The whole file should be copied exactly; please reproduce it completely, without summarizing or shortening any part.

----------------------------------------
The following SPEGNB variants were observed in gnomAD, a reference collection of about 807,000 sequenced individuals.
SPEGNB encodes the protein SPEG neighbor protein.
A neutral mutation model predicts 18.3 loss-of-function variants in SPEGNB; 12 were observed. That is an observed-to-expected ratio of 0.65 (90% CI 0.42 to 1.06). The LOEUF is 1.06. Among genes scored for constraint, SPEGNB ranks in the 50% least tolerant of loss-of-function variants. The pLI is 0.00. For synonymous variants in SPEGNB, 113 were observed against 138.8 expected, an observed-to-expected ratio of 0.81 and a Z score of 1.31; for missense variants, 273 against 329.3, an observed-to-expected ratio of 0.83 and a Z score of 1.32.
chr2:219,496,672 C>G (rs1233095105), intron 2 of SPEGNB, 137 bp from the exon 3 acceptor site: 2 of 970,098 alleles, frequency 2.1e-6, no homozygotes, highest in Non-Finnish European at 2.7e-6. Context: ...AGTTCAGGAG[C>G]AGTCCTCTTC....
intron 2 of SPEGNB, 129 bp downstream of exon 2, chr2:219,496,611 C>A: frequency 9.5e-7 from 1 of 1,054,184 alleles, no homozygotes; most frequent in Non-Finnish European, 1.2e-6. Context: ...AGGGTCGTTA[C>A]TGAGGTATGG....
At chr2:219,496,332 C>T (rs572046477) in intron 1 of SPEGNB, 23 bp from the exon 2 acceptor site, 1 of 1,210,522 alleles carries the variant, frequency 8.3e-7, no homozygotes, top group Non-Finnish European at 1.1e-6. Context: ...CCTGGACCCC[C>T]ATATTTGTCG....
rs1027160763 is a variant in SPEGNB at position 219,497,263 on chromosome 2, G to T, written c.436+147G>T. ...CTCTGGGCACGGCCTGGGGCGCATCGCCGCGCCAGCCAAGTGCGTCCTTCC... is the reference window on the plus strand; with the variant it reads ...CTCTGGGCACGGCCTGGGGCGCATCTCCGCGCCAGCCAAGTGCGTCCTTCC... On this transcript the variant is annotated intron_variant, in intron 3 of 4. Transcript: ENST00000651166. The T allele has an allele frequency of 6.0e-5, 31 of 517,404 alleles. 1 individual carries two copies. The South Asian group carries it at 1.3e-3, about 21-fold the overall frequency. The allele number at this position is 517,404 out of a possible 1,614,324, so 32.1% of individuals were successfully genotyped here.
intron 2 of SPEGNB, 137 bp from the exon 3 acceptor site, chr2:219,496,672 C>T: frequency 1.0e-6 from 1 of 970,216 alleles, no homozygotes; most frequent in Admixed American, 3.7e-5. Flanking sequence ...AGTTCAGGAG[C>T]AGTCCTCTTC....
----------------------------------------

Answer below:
The following SPEGNB variants were observed in gnomAD, a reference collection of about 807,000 sequenced individuals.
SPEGNB encodes the protein SPEG neighbor protein.
A neutral mutation model predicts 18.3 loss-of-function variants in SPEGNB; 12 were observed. That is an observed-to-expected ratio of 0.65 (90% CI 0.42 to 1.06). The LOEUF is 1.06. Among genes scored for constraint, SPEGNB ranks in the 50% least tolerant of loss-of-function variants. The pLI is 0.00. For synonymous variants in SPEGNB, 113 were observed against 138.8 expected, an observed-to-expected ratio of 0.81 and a Z score of 1.31; for missense variants, 273 against 329.3, an observed-to-expected ratio of 0.83 and a Z score of 1.32.
chr2:219,496,672 C>G (rs1233095105), intron 2 of SPEGNB, 137 bp from the exon 3 acceptor site: 2 of 970,098 alleles, frequency 2.1e-6, no homozygotes, highest in Non-Finnish European at 2.7e-6. Context: ...AGTTCAGGAG[C>G]AGTCCTCTTC....
intron 2 of SPEGNB, 129 bp downstream of exon 2, chr2:219,496,611 C>A: frequency 9.5e-7 from 1 of 1,054,184 alleles, no homozygotes; most frequent in Non-Finnish European, 1.2e-6. Context: ...AGGGTCGTTA[C>A]TGAGGTATGG....
At chr2:219,496,332 C>T (rs572046477) in intron 1 of SPEGNB, 23 bp from the exon 2 acceptor site, 1 of 1,210,522 alleles carries the variant, frequency 8.3e-7, no homozygotes, top group Non-Finnish European at 1.1e-6. Context: ...CCTGGACCCC[C>T]ATATTTGTCG....
rs1027160763 is a variant in SPEGNB at position 219,497,263 on chromosome 2, G to T, written c.436+147G>T. ...CTCTGGGCACGGCCTGGGGCGCATCGCCGCGCCAGCCAAGTGCGTCCTTCC... is the reference window on the plus strand; with the variant it reads ...CTCTGGGCACGGCCTGGGGCGCATCTCCGCGCCAGCCAAGTGCGTCCTTCC... On this transcript the variant is annotated intron_variant, in intron 3 of 4. Transcript: ENST00000651166. The T allele has an allele frequency of 6.0e-5, 31 of 517,404 alleles. 1 individual carries two copies. The South Asian group carries it at 1.3e-3, about 21-fold the overall frequency. The allele number at this position is 517,404 out of a possible 1,614,324, so 32.1% of individuals were successfully genotyped here.
intron 2 of SPEGNB, 137 bp from the exon 3 acceptor site, chr2:219,496,672 C>T: frequency 1.0e-6 from 1 of 970,216 alleles, no homozygotes; most frequent in Admixed American, 3.7e-5. Flanking sequence ...AGTTCAGGAG[C>T]AGTCCTCTTC....